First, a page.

This is called "buzz".

There are a couple of things that will cause it. Instability in the power to the servo is a common cause. R/C servos can draw some BIG spikes when they first put the motor in motion.

Many years ago, I played with a Tower Hobbies Royal Titan Standard servo, controlling it from a 555 and a one-transistor inverter. Dead-simple control circuit. I learned that the servo motor drew 250 mA from the 5V supply while in continuous motion. Buzzing, it easily drew half-amp spikes. (Maybe more: I was just monitoring the current meter on my bench supply, not scoping a current-sensing shunt.)

It took 220 uF directly across my servo to tame it.

Try putting an electrolytic capacitor, at least 100 uF, directly across the power supply to the servo, as electrically close to the servo as you can, and see if that helps.

Based on those experiments, I would never consider using R/C servos for ANYTHING without adding capacitors. That includes radio-controlled models.

This can also be caused by dirt in the servo pot inside the servo. Try the capacitor first.

Is your buzzing/shaking happening only when at or close to the servo's limits (0 degrees or 180 degrees)? If so, there may be a simple fix for you. I have found that cheap servos don't know how to stay at the limits of their movement very well, which can cause the buzzing/shaking you're mentioning. However, if you just limit their range to 10~170 degrees, the issue will be fixed.

If that's not good enough for you, you can follow the more complex fixes mentioned in the other answers, like better power, better servo sensors, etc.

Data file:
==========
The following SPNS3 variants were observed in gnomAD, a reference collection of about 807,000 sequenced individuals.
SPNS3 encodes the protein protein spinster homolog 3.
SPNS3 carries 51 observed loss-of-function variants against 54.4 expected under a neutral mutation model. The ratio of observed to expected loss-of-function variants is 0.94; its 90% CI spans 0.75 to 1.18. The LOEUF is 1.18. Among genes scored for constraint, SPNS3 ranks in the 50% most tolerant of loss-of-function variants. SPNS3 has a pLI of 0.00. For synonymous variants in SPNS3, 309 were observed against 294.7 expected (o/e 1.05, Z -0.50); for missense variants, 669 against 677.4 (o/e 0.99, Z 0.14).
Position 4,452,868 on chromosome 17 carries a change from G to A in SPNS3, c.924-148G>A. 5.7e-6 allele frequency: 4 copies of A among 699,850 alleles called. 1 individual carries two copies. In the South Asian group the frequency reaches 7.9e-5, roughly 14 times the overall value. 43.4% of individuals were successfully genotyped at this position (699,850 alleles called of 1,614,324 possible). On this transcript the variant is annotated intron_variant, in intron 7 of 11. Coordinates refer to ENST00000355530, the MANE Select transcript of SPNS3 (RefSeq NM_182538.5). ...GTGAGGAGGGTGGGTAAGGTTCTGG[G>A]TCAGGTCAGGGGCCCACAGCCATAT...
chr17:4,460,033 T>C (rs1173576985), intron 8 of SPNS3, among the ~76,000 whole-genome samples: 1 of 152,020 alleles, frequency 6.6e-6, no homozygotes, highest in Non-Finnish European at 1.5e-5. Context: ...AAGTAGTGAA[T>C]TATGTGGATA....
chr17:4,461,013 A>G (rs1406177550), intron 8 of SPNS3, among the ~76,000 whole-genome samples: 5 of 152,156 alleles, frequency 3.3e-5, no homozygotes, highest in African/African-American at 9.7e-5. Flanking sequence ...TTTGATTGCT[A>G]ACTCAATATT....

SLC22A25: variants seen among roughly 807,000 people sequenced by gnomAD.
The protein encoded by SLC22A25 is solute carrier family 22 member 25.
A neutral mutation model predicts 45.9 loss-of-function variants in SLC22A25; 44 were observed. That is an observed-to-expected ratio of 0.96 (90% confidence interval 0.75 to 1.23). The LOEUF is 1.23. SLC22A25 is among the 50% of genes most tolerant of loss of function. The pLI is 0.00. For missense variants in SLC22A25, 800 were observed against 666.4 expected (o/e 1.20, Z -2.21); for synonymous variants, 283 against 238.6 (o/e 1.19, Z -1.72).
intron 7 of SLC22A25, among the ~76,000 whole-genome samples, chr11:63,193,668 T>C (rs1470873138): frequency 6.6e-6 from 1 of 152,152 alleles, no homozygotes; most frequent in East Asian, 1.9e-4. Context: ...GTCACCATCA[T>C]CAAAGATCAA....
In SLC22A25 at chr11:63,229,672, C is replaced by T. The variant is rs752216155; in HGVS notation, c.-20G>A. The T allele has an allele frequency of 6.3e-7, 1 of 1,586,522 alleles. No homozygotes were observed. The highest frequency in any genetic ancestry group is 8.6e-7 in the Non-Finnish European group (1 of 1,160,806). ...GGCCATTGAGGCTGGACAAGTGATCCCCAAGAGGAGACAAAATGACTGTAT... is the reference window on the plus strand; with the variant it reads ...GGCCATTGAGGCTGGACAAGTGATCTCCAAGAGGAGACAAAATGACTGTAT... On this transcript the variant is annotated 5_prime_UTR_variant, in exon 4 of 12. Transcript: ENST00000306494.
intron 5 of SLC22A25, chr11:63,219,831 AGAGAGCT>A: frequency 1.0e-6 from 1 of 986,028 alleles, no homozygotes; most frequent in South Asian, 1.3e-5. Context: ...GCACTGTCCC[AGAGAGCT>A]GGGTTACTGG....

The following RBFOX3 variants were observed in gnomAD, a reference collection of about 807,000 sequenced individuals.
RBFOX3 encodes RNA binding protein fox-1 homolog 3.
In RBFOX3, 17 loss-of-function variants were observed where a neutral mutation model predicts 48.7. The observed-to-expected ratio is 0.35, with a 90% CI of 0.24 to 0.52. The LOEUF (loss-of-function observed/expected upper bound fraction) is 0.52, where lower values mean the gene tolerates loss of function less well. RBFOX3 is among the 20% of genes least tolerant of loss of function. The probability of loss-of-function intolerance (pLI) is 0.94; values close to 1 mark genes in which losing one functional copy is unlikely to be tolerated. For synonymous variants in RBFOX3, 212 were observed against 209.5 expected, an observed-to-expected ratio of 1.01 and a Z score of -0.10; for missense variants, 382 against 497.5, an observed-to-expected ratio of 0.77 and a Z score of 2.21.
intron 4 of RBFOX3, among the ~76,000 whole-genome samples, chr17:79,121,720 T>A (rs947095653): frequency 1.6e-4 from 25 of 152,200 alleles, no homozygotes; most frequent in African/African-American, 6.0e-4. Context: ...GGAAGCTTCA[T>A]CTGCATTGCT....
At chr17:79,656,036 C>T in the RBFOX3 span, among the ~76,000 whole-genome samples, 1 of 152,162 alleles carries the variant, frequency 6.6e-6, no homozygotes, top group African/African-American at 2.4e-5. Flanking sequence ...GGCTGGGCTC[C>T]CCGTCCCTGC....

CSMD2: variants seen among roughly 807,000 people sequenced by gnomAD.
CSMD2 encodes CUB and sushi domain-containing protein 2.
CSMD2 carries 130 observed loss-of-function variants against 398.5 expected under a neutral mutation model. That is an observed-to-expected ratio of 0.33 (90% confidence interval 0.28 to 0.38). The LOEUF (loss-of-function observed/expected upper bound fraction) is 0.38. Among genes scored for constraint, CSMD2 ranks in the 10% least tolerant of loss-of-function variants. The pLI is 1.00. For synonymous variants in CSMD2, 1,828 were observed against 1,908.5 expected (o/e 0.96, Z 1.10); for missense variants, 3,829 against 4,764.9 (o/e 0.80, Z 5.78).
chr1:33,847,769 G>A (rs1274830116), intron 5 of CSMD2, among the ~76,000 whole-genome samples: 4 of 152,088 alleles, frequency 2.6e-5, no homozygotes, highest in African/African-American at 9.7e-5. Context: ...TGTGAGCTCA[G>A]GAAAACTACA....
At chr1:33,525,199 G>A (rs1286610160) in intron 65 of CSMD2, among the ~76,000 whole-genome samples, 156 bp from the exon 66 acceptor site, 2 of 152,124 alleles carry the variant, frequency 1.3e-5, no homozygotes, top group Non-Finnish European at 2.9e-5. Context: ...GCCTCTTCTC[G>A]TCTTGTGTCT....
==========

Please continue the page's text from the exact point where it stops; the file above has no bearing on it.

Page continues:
• Yes, for my SG90 these values are 18 to 162. It didn't actually make 32 degrees unreachable, maybe only half of that. – Maxim Kachurovskiy Oct 9 '16 at 19:00

I've fixed my problem by "switching the servo off" after I move it. Example:

pinMode(PIN, OUTPUT);
//give servo time to move
pinMode(PIN, INPUT);

PIN is the PWM pin connected to your servo. by switching it to Input mode I was able to shutdown the vibration. This is not optimal solution and I'd suggest trying the other solutions first.

  • I tried the other solutions, this was the only one to work, +1. Great Idea when all else fails! – Snappawapa Oct 6 '17 at 0:26

I had the same problem with MG90S servos (jittering), my signal lines are relatively long (60~70cm), placing a 103 (10nF) capacitor over the signal and ground lines fixed the problem for me (I placed the capacitor somewhere in the middle, at the point where the original servo cable connects to my internal cable).

In addition I couldn't use the standard Servo library because the first timer it grabs on the Arduino Mega is Timer-5 and I need that for frequency measurement. As I use only 10 servos I extracted the key code from the Servo library and changed it to using Timer-1 (each timer supports a maximum of 12 servos on the Mega).

The stand-alone code is below for reference, if you want to include it in your own project then you can use the top part only, the lower part is to test the top part (it listens on the serial port, you can give sX and vX commands, where sX selects a servo, s0 would select the first servo, vX sets the servo position in us, so v1500 would set servo0 to the middle position, assuming you gave a s0 command first).

// This is the actual servo code extracted from the servo library

#include <avr/pgmspace.h>

//----converts microseconds to tick (assumes prescale of 8)
#define usToTicks(_us)    (( clockCyclesPerMicrosecond()* _us) / 8)